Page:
I thought he might have a word or two to say. If he had said something like, ‘I have no choice but to take action because of the plight of the LDP,’ I might have said, ‘Yes, I understand.

Although he is one of the most senior members of the Abe faction, he is not one of the “Five,” as they are called, and no one in the Abe faction is unaware that he was made the scapegoat for the punishment.

Mr. Shioya, who was punished for his actions, has been the subject of a string of sympathetic comments, and voices of dissatisfaction are leaking from the Abe faction, such as, “The basis for the punishment is unclear,” and “Is the prime minister president not responsible for his actions?

The Abe faction is aiming to minimize the aftermath of the disciplinary action, break the deadlock with a visit to the U.S., and win reelection in the presidential election in the fall. It appears that this intention is not quite on target.

However, most of the Abe faction’s top leaders have lost their centripetal force as a result of the punishment. Former METI Minister Yasutoshi Nishimura (61), former Minister of Education Hirofumi Shimomura (69), and former National Policy Committee Chairman Takeshi Takagi (68), all of whom had served as factional secretary-generals, were given “party membership suspension” and will be forced to fight as independent candidates in the next election without LDP recognition. After the punishment, Mr. Nishimura said, “I feel I have lost everything.

I feel I have lost everything. I will start all over again from scratch, with nothing left to lose.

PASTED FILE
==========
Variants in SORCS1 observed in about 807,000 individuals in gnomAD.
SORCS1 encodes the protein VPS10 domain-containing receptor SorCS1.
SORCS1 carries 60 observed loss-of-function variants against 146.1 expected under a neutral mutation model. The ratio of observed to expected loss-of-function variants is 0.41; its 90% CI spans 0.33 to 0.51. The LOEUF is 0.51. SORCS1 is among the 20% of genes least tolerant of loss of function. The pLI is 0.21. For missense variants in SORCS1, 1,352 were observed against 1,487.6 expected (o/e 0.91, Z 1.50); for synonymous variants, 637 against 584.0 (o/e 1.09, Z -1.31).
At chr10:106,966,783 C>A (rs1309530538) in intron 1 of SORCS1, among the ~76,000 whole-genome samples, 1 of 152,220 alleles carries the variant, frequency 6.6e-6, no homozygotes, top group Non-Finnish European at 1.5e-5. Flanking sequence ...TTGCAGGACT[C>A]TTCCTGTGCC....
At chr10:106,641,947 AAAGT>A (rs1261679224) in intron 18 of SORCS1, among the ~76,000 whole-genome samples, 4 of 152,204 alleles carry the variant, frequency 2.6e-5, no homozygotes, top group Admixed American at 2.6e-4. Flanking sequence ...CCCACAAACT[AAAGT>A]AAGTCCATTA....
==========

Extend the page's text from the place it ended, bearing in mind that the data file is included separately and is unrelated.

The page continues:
Seko’s business card with the LDP name missing

Amid the severe punishments handed down to Abe faction officials, former Policy Research Council Chairman Kōichi Hagiuda (60) and former Cabinet Secretary Matsuno Hirokazu (61) were both suspended from their party positions for one year.

Mr. Hagiuda was one of the five most influential members of the party and was only suspended despite the fact that he had failed to report over 20 million yen. He has already resigned from his position as chairman of the policy research committee, and there are voices within the Abe faction that this is nothing more than a formal punishment. A mid-level member of the Abe faction, as mentioned above, commented.

He is well known to former Prime Minister Yoshiro Mori, and in addition to his experience in organizing the younger generation, he is in close contact with former Prime Minister Suga Yoshihide, who is at the core of Kishida’s anti-Kishida movement. By retaining Hagiuda for the presidential election in the fall, he will be able to attract younger members of the Abe faction and use them according to the political situation.

Furthermore, Mr. Hagiuda was allowed to continue as chairman of the Tokyo Metropolitan Federation of Trade Unions, even though his position was supposed to be suspended. The Tokyo Metropolitan Federation of Trade Unions (TMF) is a separate organization from the party headquarters, and the position of TMF chairman is “not subject to any disciplinary action,” according to the argument.

As president of the Tokyo Metropolitan Federation of Trade Unions, he is also the point of contact for Governor Yuriko Koike. Koike’s ability to discern the situation with her unique sense of smell has not diminished. When he makes a move on national politics, Mr. Hagiuda will serve as a negotiator.

At a press conference on May 5, I asked Mr. Shiotani if he thought there was any arbitrary punishment, to which he responded shortly, “I don’t think there was any arbitrary punishment.

I think there was some arbitrary, future consideration.”

We wonder if the Kishida administration, which has been using the simultaneous punishment as a political tactic in anticipation of the presidential election in September, has any intention of getting to the bottom of the factional slush fund issue.

  • Interview and text by Daisuke Iwasaki PHOTO Takeshi Kinugawa